like decoration of wood, paper, and tinsel, and borne
either by friends or else by hired mutes, and the line of
mourners and friends of the deceased. On arriving at
the place {Thingyaing) where the final funeral rites are
performed the dirge music at length ceases, and the



priests enter one of the open rest-houses, {Zaydt), always
provided for such purposes, while the coffin is placed,
together with offerings to the priests, on the northern
side in front of the building.

After reciting extracts from the sacred writings the
priests retire with their followers and the offerings made
to them on behalf of the deceased. The coffin is then
borne to the spot where the grave has been dug by
graved iggers {Sandald ; but also called Thuba Yaza,
from the Pali Thuba " pleasant," and Yaza " a king "),
one of the four infamous outcast classes. After being
swung backwards and forwards for a few times as if
bidding farewell to the corpse, it is lowered into the
ground. Earth being sprinkled over the shell by the
nearest relatives, the grave is filled up by the grave-
diggers. When this has been completed, the oldest
male relative present opens a kerchief, and, holding it out,
calls aloud, " Come, come away with us," so that the
psyche or " butterfly " {Leikpyd) of the deceased may not
remain behind as an evil spirit haunting the burial ground.
Closing the kerchief suddenly, it is taken back to the
home of the deceased and placed between two of the
houseposts on the left side of the house for seven days.
On the seventh day after the burial a sort of purification
feast {Yellesun) is given to the priests and guests who
attended the funeral, and the kerchief in which the
"butterfly" of the dead man has meanwhile found
rest can be removed, as the danger of the psyche be-
coming an evil spirit is then at an end. The clothes of
the deceased are usually sewn together to form curtains
(Kalagd) to screen off different portions of the house
when desired.

Cremation or " fire rites " {Mi Thifigyo) are, however,
much more common than burial or "earth-covering
rites " {Myewut Thingyd) among all the well to do
classes. In the former case the body is conveyed as
before to the burial ground and laid upon four logs of
wood placed two upon two so as to form a sort of hollow
square which is filled with pieces of fragrant inflammable
wood. After the pyre has been lighted and the coffin
and body are consumed, the fire is allowed to burn itself



out. When the ashes have cooled sufficiently, the
three nearest relatives of the deceased search for such
bones as they can find, wash them carefully in cocoanut
juice or scented water, and place them, wrapped up in
white cotton, in a new earthenware pot. This is taken
back to the home of the deceased till, seven days later,
the purification feast is celebrated, when the pot con-
taining these last earthly remains is carried to the vicinity
of some pagoda or other sacred shrine and there interred.
Wooden posts or brick monuments can be erected over
such last resting places, though they may not be made
in the shape of a pagoda over the bones of any but
priests and those of royal blood. Sometimes the bones
are pulverized, mixed with lac and sawdust, and formed
into images of Gaudama,which are either placed in a sacred
edifice or else retained in the house. But such images
are never worshipped in any way, there being no trace
of ancestral worship among the Burmese, nor of idolatry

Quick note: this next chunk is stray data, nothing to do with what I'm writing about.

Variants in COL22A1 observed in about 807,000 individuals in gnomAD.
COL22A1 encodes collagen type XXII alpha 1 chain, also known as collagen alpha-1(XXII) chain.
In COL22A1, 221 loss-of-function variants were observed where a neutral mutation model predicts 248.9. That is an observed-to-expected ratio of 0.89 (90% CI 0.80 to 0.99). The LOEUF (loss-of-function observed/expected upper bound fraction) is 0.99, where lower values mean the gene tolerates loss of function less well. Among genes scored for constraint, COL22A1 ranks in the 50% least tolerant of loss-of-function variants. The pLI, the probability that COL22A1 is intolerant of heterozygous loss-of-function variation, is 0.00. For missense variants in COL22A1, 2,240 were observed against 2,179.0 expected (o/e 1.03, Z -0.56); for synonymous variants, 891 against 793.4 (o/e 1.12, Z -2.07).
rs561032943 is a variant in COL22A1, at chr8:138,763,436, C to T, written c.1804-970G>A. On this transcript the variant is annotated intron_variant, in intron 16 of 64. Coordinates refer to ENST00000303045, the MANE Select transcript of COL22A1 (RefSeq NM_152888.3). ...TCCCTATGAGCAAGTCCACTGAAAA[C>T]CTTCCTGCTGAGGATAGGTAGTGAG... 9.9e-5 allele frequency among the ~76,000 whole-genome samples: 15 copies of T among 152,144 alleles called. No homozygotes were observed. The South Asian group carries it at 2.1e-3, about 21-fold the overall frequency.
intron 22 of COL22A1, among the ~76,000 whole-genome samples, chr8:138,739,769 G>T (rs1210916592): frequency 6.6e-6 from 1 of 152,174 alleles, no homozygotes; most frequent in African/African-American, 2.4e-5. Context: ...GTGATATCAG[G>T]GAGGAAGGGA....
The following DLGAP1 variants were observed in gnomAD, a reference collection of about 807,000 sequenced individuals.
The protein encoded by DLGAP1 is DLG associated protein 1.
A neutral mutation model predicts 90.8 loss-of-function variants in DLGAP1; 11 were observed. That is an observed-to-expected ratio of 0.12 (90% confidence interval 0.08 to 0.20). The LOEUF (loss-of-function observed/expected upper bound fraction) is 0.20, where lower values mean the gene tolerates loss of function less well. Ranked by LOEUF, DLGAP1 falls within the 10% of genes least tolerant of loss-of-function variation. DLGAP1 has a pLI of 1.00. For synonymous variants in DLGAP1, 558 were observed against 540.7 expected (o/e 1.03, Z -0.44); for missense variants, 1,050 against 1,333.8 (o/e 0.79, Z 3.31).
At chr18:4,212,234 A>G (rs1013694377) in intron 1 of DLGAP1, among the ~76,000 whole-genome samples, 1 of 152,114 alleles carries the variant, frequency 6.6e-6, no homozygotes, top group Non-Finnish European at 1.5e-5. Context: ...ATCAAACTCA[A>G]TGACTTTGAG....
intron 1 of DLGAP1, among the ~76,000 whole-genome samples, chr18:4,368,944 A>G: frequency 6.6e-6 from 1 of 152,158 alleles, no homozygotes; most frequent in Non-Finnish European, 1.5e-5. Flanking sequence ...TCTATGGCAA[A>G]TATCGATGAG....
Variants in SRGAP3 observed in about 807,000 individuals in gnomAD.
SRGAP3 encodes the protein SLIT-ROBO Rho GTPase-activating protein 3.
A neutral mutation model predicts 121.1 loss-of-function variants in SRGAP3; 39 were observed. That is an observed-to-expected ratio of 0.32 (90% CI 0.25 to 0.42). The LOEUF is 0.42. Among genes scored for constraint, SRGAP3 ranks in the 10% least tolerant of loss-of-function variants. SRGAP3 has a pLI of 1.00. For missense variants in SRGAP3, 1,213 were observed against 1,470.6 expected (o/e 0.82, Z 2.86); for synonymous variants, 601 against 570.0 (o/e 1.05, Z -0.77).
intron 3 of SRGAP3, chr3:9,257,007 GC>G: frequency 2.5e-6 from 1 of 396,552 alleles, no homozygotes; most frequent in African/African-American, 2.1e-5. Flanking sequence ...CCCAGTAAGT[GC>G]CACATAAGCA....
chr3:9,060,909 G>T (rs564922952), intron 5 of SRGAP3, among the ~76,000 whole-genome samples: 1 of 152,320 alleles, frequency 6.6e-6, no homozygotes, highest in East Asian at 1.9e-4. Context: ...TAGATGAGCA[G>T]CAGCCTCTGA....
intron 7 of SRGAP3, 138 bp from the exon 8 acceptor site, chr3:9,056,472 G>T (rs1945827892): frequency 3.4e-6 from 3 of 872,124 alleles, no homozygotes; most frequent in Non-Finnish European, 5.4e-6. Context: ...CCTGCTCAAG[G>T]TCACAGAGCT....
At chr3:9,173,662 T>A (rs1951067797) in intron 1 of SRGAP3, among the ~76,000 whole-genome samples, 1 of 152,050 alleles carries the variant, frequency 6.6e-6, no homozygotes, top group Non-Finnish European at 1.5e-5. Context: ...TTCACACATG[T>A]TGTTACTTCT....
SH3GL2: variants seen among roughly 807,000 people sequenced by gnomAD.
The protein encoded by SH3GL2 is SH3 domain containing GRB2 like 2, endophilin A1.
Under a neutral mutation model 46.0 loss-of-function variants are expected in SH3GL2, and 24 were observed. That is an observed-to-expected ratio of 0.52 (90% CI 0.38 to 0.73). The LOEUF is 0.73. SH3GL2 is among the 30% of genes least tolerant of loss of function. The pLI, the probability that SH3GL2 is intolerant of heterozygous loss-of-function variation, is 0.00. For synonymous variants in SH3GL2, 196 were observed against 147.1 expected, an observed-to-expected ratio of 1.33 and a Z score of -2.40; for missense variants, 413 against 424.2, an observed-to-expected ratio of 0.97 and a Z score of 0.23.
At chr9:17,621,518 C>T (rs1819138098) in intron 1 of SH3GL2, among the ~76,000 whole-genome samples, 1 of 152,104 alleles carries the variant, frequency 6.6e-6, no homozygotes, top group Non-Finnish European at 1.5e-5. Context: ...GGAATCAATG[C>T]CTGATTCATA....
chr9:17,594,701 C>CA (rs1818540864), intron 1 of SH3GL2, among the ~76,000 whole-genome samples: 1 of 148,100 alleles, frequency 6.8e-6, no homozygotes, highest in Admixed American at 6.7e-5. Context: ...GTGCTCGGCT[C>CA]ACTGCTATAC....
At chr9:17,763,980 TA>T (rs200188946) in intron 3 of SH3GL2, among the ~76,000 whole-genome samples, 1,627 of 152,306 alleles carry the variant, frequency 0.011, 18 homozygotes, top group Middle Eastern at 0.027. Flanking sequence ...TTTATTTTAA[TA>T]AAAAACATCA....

in any form as part of the Buddhist religion.

In the case of the obsequies of children there is of
course, as with us, much less ceremonial and display.
Infants are usually buried in their cradles, and small
children in plain coffins unornamented with any decora-
tive spire and tinsel work ; and in either case the burial
takes place as soon as possible after death.


Chapter VIII


IT has frequently been said that the Burmese are the
Irish of the East. But this vague epigrammatic
description rather lacks definition, besides being alto-
gether wrong in many important respects. There are, it
is true, various outstanding traits of character in common,
such as pride of race, love of laughter, joking, and amuse-
ment, light-heartedness, want of providence or of any
Martha-like concern for the petty things of life and the
cares of the morrow, occasional outbursts of brutality,
absence of self-control, and entire want of anything like
*' sweet reasonableness " either individually or as a race.
On the other hand, however, points of difference might
be scored to an even greater extent than the tale of
characteristics common to the two races.

Proud of their nationality, the Burmese consider the
Chinese, Siamese, and Shans as of the same stock (Amy6)
as themselves ; though the Chinaman regards himself as
much superior to the Burman. The hill tribes, consist-
ing of the Karen, Kachin, and Chin dwelling within the
forests on the hills between the main valleys, the Burmese
class indifferently as wild men (Luyaing) ; while all other
nationalities are considered rather contemptuously as
"foreigners" {Kald), a word, however, only applied to
persons of non- Mongolian race, but otherwise used very
much in the same way as the ancient Greeks originally
applied the term ^dp^apo?. This word is never used as
a designation for any of the Shan, Siamese, or Chinese
races inhabiting any portion of Further India and China.
Ka/d is supposed to be a corruption of the Pali word
Gaw/a, originally meaning a Buddhist immigrant from



India. The Siamese apply this same term to the

The Burmese are on the whole decidedly truthful,
though it would hardly be correct to describe them as
truth-loving. They have no particular prejudice in favour
of truth, or dislike to falsehood per se. A man or a woman
would just about as soon tell a lie as the truth ; and out
of a feeling of inborn politeness he or she would naturally
prefer to make, with complete indifference, whatever
statement might be considered the more acceptable to

Online LibraryJohn NisbetBurma under British rule--and before; (Volume 2) → online text (page 20 of 41)